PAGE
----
As more formal complaints are filed, Colorado Capitol hindered by ‘secretive’ process

KUNC (Greeley): Westminster Rep. Faith Winter and other women who’ve worked at Colorado’s capitol have their #MeToo moments.

That movement began in early October when allegations of sexual misconduct against Hollywood filmmaker Harvey Weinstein resulted in women coming forward with their stories about harassment by powerful men in a variety of workplaces, including NPR.

Winter and others came forward publicly to KUNC this month, alleging at least three male lawmakers had engaged in sexual harassment.

“The Me Too movement has demonstrated how many women have been impacted by these types of actions,” said House Speaker Crisanta Duran, a Denver Democrat. “For far too long, at times there could be a good old boys club, which is absolutely unacceptable.”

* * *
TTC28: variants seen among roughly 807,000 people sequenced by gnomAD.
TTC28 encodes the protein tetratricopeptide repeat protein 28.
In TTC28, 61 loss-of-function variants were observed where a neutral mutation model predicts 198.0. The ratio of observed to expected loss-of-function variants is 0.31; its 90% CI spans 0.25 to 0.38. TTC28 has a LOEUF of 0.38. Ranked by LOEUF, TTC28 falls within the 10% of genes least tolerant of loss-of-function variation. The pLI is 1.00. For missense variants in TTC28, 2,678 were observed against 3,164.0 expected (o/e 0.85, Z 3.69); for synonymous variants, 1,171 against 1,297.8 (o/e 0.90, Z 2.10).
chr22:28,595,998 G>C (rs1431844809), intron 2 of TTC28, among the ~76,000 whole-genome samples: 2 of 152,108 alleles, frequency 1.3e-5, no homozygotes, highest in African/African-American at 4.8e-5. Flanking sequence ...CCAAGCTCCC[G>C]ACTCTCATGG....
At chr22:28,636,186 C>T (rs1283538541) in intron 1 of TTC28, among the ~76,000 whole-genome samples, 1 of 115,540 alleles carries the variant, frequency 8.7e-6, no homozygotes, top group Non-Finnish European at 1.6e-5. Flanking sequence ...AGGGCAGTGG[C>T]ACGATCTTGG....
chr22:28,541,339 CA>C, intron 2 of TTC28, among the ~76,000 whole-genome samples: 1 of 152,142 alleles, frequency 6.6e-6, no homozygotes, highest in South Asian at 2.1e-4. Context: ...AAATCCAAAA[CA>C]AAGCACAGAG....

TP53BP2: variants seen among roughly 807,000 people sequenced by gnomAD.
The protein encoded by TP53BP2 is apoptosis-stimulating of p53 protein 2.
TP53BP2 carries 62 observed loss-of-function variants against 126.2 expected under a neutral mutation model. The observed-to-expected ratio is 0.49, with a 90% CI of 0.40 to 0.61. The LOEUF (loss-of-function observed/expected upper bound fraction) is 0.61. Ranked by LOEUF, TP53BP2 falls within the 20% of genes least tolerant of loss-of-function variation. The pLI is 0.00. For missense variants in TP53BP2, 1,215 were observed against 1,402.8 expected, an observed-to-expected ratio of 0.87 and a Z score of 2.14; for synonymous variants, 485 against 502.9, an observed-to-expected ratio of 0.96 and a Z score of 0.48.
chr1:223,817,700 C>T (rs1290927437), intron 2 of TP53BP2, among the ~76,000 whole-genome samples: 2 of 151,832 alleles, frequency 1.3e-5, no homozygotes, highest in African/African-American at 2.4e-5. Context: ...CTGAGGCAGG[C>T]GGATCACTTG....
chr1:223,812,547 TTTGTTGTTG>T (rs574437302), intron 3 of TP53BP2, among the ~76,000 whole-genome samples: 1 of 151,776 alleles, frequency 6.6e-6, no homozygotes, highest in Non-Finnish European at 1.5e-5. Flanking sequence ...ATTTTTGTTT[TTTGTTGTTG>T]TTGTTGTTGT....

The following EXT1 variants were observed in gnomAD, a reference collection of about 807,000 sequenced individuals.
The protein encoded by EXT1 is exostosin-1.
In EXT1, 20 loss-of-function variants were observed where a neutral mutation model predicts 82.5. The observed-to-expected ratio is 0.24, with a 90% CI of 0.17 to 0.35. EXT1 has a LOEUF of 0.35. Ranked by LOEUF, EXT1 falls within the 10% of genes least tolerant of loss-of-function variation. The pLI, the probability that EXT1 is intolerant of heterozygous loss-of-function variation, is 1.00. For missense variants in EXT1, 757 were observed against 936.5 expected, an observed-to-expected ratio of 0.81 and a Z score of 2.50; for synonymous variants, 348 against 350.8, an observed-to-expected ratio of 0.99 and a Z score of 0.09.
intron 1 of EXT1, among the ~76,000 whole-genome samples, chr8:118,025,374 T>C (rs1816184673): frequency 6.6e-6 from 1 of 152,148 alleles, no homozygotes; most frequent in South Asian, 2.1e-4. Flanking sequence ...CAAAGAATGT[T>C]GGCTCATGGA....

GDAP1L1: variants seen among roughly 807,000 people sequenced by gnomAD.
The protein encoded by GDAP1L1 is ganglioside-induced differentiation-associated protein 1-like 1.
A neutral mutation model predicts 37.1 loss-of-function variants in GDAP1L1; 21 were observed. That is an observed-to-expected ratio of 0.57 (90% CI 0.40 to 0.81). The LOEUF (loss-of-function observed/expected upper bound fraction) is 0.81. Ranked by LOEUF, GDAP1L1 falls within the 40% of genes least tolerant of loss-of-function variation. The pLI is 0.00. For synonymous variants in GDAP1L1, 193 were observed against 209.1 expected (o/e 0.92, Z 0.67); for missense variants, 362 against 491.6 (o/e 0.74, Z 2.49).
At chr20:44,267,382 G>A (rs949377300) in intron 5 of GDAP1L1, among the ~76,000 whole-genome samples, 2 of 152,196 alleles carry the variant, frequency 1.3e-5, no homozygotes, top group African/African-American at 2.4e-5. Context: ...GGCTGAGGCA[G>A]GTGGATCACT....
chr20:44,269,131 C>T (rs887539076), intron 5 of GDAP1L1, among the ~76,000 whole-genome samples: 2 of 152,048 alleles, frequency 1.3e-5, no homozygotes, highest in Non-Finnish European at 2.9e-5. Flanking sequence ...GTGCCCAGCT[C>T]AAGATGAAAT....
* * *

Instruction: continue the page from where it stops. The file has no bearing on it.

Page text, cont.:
But the allegations are also highlighting a secretive and likely little-used process that legislative leaders say needs to be improved.

The General Assembly’s workplace harassment policy prevents virtually anyone — except those who file a complaint or are charged with a violation — from talking about what’s going on.

Visit KUNC for more.

Subscribe to Our Blog